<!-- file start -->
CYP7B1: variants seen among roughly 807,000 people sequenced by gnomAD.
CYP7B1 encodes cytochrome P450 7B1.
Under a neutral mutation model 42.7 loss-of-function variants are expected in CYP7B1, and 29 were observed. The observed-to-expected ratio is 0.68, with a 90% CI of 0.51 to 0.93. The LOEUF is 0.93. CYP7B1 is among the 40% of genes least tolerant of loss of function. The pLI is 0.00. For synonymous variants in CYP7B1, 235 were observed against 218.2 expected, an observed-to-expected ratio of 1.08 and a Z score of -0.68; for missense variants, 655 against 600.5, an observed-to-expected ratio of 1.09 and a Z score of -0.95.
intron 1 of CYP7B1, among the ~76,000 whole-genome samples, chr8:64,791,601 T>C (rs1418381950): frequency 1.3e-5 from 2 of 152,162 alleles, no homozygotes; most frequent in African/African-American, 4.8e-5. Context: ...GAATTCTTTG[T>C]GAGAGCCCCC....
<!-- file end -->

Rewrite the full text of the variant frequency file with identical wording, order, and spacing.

CYP7B1: variants seen among roughly 807,000 people sequenced by gnomAD.
CYP7B1 encodes cytochrome P450 7B1.
Under a neutral mutation model 42.7 loss-of-function variants are expected in CYP7B1, and 29 were observed. The observed-to-expected ratio is 0.68, with a 90% CI of 0.51 to 0.93. The LOEUF is 0.93. CYP7B1 is among the 40% of genes least tolerant of loss of function. The pLI is 0.00. For synonymous variants in CYP7B1, 235 were observed against 218.2 expected, an observed-to-expected ratio of 1.08 and a Z score of -0.68; for missense variants, 655 against 600.5, an observed-to-expected ratio of 1.09 and a Z score of -0.95.
intron 1 of CYP7B1, among the ~76,000 whole-genome samples, chr8:64,791,601 T>C (rs1418381950): frequency 1.3e-5 from 2 of 152,162 alleles, no homozygotes; most frequent in African/African-American, 4.8e-5. Context: ...GAATTCTTTG[T>C]GAGAGCCCCC....